Private equity firms should conduct robust due diligence on target portfolio companies to avoid inheriting liability for law-breaking prior to their acquisition, according to law firm Foley & Lardner.
Firms are advised to check multinational target companies have been complying with international antitrust, export controls, anti-money laundering and anti-corruption laws. These are all enforcement priorities for the US government, the firm said in a client note.
Companies that manufacture, sell or export goods such as military goods, or technology that can be used commercially and by the military, can create a compliance concern as well as “heightened opportunities to commit legal violations of the strict export control regulations.”
“Inquiry should always be made as to the presence of controlled goods or technical data at the target, with a tailored follow-up inquiry should initial results be positive,” the law firm said.
It added due diligence should be customized to the overall risk profile and the particular risks of a given transaction, avoiding a one-size-fits-all approach. This is especially true of companies that operate in countries that are high on Transparency International’s perceived corruption index.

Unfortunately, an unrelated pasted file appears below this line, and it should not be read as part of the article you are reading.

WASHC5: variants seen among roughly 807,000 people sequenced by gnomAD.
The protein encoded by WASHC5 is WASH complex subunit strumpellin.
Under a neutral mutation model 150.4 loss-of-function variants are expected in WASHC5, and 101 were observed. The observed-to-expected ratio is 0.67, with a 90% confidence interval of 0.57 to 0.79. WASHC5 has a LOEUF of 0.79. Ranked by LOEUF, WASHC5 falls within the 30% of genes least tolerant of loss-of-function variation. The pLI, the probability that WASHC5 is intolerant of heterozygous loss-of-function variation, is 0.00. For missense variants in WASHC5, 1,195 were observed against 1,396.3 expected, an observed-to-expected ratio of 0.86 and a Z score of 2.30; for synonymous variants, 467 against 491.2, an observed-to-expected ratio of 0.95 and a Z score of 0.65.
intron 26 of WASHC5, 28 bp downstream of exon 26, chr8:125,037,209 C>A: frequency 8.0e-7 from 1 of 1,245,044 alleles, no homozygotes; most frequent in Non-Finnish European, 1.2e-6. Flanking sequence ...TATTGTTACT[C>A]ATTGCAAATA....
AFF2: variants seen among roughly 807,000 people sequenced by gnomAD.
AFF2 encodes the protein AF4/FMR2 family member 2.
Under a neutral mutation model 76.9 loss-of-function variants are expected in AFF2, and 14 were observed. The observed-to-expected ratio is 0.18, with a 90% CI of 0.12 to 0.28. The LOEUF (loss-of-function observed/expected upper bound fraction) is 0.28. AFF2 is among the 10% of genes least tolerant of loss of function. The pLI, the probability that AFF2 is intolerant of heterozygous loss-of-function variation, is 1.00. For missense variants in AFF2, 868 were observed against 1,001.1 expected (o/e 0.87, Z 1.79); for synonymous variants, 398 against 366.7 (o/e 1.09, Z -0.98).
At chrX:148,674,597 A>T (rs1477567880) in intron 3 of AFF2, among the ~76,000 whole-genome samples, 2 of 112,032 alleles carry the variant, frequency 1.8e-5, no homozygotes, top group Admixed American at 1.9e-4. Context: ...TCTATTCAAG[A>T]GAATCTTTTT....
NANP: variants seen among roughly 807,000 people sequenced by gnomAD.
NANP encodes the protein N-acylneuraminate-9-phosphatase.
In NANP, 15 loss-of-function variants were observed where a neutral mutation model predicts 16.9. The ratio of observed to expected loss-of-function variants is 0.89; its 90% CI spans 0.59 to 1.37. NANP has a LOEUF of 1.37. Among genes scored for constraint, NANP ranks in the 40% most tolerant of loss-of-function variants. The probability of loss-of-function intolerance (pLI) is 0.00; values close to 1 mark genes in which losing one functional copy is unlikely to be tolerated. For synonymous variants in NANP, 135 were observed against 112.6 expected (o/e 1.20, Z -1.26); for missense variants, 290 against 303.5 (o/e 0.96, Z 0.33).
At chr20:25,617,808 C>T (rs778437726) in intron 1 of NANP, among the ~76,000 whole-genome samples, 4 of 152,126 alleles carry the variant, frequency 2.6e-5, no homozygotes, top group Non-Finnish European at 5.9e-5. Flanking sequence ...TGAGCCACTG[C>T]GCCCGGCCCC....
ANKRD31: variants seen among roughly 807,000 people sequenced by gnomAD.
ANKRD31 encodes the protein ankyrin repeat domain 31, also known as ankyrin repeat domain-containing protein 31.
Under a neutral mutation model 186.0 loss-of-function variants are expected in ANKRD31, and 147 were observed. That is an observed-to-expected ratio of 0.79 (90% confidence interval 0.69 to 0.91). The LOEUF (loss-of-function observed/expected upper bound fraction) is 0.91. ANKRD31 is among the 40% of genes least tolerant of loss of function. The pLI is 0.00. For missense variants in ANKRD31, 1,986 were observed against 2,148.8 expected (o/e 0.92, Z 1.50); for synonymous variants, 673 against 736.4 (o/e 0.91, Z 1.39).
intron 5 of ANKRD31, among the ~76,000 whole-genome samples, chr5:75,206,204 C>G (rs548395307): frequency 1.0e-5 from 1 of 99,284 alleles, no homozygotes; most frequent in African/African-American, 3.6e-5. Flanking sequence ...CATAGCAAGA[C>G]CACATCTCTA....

“Heightened due diligence generally is appropriate when the target has significant ties to such countries as China, India, Russia, much of Latin America, the Middle East and Africa, as well as countries in Europe with a reputation for diminished respect for the law (Italy, Greece and so forth),” the firm said.
Potential changes to US trade policy are also a risk factor for firms that own companies that operate internationally. If they trade with, or are based in, countries under a spotlight such as China, Mexico or countries where there is a trade deficit with the US, international trade risk should be factored in.
Private equity firms should identify whether the target’s business relies on the operation of free trade agreements and whether it could be subject to supply chain disruption if President Trump’s international trade campaign announcements are implemented, the firm said.
It is also important that acquiring firms evaluate whether sales to foreign companies merit a Committee on Foreign Investment in the United States review. Sales of sensitive technology, product lines, technical data or other sensitive interests to a foreign company may prompt national or economic security concerns.